Inquiry after hot air balloon scares off osprey chicks

Osprey chicks. Picture: Contributed

Osprey chicks. Picture: Contributed

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Police are investigating an incident in which a hot air balloon buzzed an osprey nest, causing young birds to flee.

The giant balloon, operated by Virgin Balloon Flights, came within a few metres of the protected site near Forfar, Angus. Virgin has apologised.

Pictures show the four chicks fleeing the nest as the balloon approaches their tree.

Disturbing ospreys, which are endangered, is illegal under the Wildlife and Countryside Act. Offenders can be fined up to £5,000 and jailed for up to six months.

Mike Fenton, who saw the incident at Balgavies Loch on Wednesday, said he had “never seen anything so reckless”.

Mr Fenton, 52, of Letham, near Forfar, said: “I watched [the balloon] going down the loch, lower and lower, cameras came out for people to take photos. The juveniles took off in a panic. They had not returned half an hour later. The pilot couldn’t have got any closer to the nest. The nest is well publicised so the pilot cannot claim ignorance.”

Ian Thomson, of RSPB Scotland, said: “We became aware of this incident late last night. The osprey is listed on Schedule 1 of the Wildlife and Countryside Act, they are strictly protected from disturbance.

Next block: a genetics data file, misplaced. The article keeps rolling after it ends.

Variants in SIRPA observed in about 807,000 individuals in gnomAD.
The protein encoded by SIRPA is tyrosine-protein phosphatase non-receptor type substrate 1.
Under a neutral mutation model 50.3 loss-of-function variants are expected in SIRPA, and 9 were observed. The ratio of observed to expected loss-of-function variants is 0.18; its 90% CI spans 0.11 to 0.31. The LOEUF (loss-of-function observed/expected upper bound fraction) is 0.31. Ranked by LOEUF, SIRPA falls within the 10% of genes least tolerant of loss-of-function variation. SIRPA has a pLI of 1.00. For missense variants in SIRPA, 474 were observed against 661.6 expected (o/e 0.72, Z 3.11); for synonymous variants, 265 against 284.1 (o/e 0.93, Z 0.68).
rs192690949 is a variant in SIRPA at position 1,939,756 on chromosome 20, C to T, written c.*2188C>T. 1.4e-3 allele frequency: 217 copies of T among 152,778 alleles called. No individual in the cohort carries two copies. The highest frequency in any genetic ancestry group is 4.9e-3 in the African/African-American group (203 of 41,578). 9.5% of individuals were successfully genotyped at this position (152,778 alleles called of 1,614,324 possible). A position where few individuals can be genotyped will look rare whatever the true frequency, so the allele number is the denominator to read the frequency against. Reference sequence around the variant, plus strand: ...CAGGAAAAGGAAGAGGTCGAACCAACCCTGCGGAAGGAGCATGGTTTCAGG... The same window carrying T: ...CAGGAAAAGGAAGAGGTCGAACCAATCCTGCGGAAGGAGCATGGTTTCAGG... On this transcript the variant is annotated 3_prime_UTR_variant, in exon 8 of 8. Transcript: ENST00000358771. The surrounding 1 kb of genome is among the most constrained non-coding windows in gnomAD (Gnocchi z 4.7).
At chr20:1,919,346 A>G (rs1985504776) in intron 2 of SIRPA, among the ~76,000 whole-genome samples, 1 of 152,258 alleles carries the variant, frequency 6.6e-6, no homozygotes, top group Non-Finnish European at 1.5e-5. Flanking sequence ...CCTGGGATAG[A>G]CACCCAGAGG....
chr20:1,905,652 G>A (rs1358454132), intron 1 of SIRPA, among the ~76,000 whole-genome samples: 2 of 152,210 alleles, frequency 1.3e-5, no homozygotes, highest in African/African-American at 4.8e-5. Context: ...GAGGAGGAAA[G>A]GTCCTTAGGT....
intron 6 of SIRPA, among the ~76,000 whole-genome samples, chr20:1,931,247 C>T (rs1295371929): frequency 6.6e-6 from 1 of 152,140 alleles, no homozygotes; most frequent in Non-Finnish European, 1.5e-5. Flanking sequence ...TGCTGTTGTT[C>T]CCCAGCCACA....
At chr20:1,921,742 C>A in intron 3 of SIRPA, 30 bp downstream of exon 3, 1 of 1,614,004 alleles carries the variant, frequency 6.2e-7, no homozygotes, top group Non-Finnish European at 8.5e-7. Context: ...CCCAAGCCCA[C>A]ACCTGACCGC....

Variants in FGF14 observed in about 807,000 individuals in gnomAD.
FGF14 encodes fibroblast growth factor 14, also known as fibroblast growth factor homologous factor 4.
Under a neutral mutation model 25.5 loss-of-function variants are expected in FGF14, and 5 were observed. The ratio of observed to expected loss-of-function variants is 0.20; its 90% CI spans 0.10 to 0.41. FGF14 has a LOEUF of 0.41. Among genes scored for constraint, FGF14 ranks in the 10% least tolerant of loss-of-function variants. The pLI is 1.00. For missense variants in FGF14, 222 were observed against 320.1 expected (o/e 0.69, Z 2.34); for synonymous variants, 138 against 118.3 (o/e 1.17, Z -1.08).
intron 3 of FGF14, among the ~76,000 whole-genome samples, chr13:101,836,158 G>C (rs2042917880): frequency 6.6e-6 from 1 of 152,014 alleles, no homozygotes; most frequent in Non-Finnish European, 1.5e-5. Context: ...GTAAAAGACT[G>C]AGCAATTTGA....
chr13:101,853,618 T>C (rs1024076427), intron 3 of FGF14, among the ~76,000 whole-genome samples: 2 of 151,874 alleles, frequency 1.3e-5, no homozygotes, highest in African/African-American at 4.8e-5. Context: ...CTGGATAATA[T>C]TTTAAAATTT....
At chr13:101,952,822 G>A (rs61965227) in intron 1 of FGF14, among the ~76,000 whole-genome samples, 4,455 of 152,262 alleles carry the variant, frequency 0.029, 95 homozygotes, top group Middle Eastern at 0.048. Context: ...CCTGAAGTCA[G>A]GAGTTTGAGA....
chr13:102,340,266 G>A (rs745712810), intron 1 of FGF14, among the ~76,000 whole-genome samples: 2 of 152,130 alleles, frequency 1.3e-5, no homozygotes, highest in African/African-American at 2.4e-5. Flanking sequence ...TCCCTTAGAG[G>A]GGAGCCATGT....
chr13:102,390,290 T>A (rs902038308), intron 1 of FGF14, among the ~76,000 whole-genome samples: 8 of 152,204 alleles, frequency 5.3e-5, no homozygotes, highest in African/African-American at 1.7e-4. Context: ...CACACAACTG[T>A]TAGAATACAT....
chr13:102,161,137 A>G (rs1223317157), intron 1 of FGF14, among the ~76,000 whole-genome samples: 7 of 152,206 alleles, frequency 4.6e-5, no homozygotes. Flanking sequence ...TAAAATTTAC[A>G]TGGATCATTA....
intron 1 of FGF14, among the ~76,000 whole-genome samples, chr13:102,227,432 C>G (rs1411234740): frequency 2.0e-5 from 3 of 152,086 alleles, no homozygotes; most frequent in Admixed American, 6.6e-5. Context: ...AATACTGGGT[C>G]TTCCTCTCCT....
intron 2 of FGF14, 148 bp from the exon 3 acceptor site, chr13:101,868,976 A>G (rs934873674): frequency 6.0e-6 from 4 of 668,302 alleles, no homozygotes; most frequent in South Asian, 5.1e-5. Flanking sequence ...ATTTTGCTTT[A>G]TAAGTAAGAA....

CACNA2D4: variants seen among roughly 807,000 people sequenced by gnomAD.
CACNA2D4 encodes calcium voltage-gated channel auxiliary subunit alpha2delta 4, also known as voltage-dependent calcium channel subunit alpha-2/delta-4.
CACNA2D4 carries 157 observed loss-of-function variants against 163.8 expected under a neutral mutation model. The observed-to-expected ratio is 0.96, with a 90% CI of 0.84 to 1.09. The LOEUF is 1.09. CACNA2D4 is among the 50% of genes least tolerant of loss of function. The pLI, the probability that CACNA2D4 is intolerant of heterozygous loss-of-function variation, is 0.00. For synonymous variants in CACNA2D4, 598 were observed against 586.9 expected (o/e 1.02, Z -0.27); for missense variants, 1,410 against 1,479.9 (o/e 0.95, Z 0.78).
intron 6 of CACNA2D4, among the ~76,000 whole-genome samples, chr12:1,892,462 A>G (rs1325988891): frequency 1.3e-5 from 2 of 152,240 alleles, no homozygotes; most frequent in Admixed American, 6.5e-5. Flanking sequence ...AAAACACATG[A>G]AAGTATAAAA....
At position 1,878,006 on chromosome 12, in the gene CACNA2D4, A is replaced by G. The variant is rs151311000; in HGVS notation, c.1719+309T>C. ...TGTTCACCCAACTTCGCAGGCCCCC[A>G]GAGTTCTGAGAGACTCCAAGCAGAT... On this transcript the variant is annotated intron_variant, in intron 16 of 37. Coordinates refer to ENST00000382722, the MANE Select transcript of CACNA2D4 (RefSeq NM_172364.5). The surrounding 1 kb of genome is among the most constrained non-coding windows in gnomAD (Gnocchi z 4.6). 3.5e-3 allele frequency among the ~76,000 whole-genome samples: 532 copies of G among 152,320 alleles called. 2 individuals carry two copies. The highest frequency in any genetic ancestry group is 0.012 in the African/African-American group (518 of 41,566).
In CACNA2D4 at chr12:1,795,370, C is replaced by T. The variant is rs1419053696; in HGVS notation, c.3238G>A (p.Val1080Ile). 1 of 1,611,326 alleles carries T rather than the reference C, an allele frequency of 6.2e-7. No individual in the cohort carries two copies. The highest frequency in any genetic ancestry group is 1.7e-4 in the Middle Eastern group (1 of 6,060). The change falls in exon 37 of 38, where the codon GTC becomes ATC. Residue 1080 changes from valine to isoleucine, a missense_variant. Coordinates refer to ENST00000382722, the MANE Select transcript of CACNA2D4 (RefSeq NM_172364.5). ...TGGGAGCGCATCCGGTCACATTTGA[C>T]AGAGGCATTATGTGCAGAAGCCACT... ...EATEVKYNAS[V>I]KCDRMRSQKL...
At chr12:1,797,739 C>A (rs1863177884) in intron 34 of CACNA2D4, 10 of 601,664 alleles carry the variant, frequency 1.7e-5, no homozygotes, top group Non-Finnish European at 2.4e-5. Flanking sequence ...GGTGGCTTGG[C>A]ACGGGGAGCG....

“Whilst it would be inappropriate to comment without knowing the specific details, I would urge witnesses to pass details to the Police Wildlife Crime Officer to investigate.”

Rab Potter, of the Scottish Wildlife Trust, said: “Human disturbance is a real threat to the conservation of ospreys. If this had happened earlier in the season, when the chicks are highly dependent on their parents, there could have been serious consequences.

An osprey expert, who asked not to be named, said: “If they were a couple of weeks younger and were unable to fly they would have jumped out of the nest and may well have died.”

A Virgin Balloon Flights spokeswoman said: “We are truly sorry one of our balloons appears to have caused distress to nesting ospreys. Hot air balloons travel with the wind and can’t be steered in the traditional sense.

“Had we known this area was home to a protected species our pilot would have marked it on his maps as such and may even have moved the flight to an alternative launch site to avoid the wind taking him over it.”

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